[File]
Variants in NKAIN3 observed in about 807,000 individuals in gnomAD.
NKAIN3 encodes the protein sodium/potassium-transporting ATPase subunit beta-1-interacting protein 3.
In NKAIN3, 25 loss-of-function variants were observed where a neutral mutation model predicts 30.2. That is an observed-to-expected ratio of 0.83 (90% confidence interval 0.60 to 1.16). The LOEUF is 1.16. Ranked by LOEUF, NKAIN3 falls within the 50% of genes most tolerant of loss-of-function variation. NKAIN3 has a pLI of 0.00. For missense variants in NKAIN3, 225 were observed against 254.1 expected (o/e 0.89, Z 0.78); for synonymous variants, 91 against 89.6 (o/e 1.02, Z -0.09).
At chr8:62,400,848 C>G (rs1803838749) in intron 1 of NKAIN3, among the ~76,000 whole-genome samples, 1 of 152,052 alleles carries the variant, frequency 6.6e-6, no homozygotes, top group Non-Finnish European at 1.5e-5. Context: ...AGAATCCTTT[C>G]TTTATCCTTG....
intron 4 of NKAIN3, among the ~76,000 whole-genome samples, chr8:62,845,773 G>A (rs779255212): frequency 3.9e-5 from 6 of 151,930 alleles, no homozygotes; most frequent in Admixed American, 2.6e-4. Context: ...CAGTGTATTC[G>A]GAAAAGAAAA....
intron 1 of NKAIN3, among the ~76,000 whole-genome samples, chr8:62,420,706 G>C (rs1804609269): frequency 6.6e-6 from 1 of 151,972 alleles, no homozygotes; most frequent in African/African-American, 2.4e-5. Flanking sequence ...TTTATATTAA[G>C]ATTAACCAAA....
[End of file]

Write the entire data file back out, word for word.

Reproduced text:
Variants in NKAIN3 observed in about 807,000 individuals in gnomAD.
NKAIN3 encodes the protein sodium/potassium-transporting ATPase subunit beta-1-interacting protein 3.
In NKAIN3, 25 loss-of-function variants were observed where a neutral mutation model predicts 30.2. That is an observed-to-expected ratio of 0.83 (90% confidence interval 0.60 to 1.16). The LOEUF is 1.16. Ranked by LOEUF, NKAIN3 falls within the 50% of genes most tolerant of loss-of-function variation. NKAIN3 has a pLI of 0.00. For missense variants in NKAIN3, 225 were observed against 254.1 expected (o/e 0.89, Z 0.78); for synonymous variants, 91 against 89.6 (o/e 1.02, Z -0.09).
At chr8:62,400,848 C>G (rs1803838749) in intron 1 of NKAIN3, among the ~76,000 whole-genome samples, 1 of 152,052 alleles carries the variant, frequency 6.6e-6, no homozygotes, top group Non-Finnish European at 1.5e-5. Context: ...AGAATCCTTT[C>G]TTTATCCTTG....
intron 4 of NKAIN3, among the ~76,000 whole-genome samples, chr8:62,845,773 G>A (rs779255212): frequency 3.9e-5 from 6 of 151,930 alleles, no homozygotes; most frequent in Admixed American, 2.6e-4. Context: ...CAGTGTATTC[G>A]GAAAAGAAAA....
intron 1 of NKAIN3, among the ~76,000 whole-genome samples, chr8:62,420,706 G>C (rs1804609269): frequency 6.6e-6 from 1 of 151,972 alleles, no homozygotes; most frequent in African/African-American, 2.4e-5. Flanking sequence ...TTTATATTAA[G>C]ATTAACCAAA....